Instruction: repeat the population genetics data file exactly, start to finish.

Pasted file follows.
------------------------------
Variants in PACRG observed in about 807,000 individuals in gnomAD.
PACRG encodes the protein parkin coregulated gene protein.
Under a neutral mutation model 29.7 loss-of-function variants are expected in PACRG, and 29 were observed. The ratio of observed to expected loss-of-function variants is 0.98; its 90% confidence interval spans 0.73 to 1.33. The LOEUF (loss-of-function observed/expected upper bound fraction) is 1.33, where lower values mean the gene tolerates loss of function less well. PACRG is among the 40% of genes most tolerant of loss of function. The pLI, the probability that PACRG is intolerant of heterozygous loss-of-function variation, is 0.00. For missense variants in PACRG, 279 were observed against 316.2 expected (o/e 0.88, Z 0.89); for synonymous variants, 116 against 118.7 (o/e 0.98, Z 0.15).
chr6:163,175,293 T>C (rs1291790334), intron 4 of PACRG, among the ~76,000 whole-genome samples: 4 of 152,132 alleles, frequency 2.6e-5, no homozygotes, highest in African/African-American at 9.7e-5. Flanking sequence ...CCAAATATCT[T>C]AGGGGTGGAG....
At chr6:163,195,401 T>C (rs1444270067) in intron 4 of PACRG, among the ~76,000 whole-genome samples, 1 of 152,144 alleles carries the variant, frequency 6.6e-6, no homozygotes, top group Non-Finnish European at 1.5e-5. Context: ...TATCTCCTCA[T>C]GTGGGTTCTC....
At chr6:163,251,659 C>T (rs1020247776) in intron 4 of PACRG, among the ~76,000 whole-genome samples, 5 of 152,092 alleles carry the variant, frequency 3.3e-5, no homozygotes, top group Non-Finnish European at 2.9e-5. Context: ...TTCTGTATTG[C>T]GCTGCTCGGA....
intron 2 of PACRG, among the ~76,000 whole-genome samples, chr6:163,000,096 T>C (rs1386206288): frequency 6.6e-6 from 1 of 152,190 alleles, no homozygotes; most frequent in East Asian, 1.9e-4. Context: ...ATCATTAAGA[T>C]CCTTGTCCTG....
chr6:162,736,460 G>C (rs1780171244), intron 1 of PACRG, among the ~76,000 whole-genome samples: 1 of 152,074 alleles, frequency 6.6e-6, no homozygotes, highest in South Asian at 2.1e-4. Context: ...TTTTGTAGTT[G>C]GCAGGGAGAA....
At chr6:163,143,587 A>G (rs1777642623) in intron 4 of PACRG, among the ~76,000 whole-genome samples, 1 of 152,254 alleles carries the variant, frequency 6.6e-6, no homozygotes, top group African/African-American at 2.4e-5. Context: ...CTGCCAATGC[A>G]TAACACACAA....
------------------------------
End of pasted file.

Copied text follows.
Variants in PACRG observed in about 807,000 individuals in gnomAD.
PACRG encodes the protein parkin coregulated gene protein.
Under a neutral mutation model 29.7 loss-of-function variants are expected in PACRG, and 29 were observed. The ratio of observed to expected loss-of-function variants is 0.98; its 90% confidence interval spans 0.73 to 1.33. The LOEUF (loss-of-function observed/expected upper bound fraction) is 1.33, where lower values mean the gene tolerates loss of function less well. PACRG is among the 40% of genes most tolerant of loss of function. The pLI, the probability that PACRG is intolerant of heterozygous loss-of-function variation, is 0.00. For missense variants in PACRG, 279 were observed against 316.2 expected (o/e 0.88, Z 0.89); for synonymous variants, 116 against 118.7 (o/e 0.98, Z 0.15).
chr6:163,175,293 T>C (rs1291790334), intron 4 of PACRG, among the ~76,000 whole-genome samples: 4 of 152,132 alleles, frequency 2.6e-5, no homozygotes, highest in African/African-American at 9.7e-5. Flanking sequence ...CCAAATATCT[T>C]AGGGGTGGAG....
At chr6:163,195,401 T>C (rs1444270067) in intron 4 of PACRG, among the ~76,000 whole-genome samples, 1 of 152,144 alleles carries the variant, frequency 6.6e-6, no homozygotes, top group Non-Finnish European at 1.5e-5. Context: ...TATCTCCTCA[T>C]GTGGGTTCTC....
At chr6:163,251,659 C>T (rs1020247776) in intron 4 of PACRG, among the ~76,000 whole-genome samples, 5 of 152,092 alleles carry the variant, frequency 3.3e-5, no homozygotes, top group Non-Finnish European at 2.9e-5. Context: ...TTCTGTATTG[C>T]GCTGCTCGGA....
intron 2 of PACRG, among the ~76,000 whole-genome samples, chr6:163,000,096 T>C (rs1386206288): frequency 6.6e-6 from 1 of 152,190 alleles, no homozygotes; most frequent in East Asian, 1.9e-4. Context: ...ATCATTAAGA[T>C]CCTTGTCCTG....
chr6:162,736,460 G>C (rs1780171244), intron 1 of PACRG, among the ~76,000 whole-genome samples: 1 of 152,074 alleles, frequency 6.6e-6, no homozygotes, highest in South Asian at 2.1e-4. Context: ...TTTTGTAGTT[G>C]GCAGGGAGAA....
At chr6:163,143,587 A>G (rs1777642623) in intron 4 of PACRG, among the ~76,000 whole-genome samples, 1 of 152,254 alleles carries the variant, frequency 6.6e-6, no homozygotes, top group African/African-American at 2.4e-5. Context: ...CTGCCAATGC[A>G]TAACACACAA....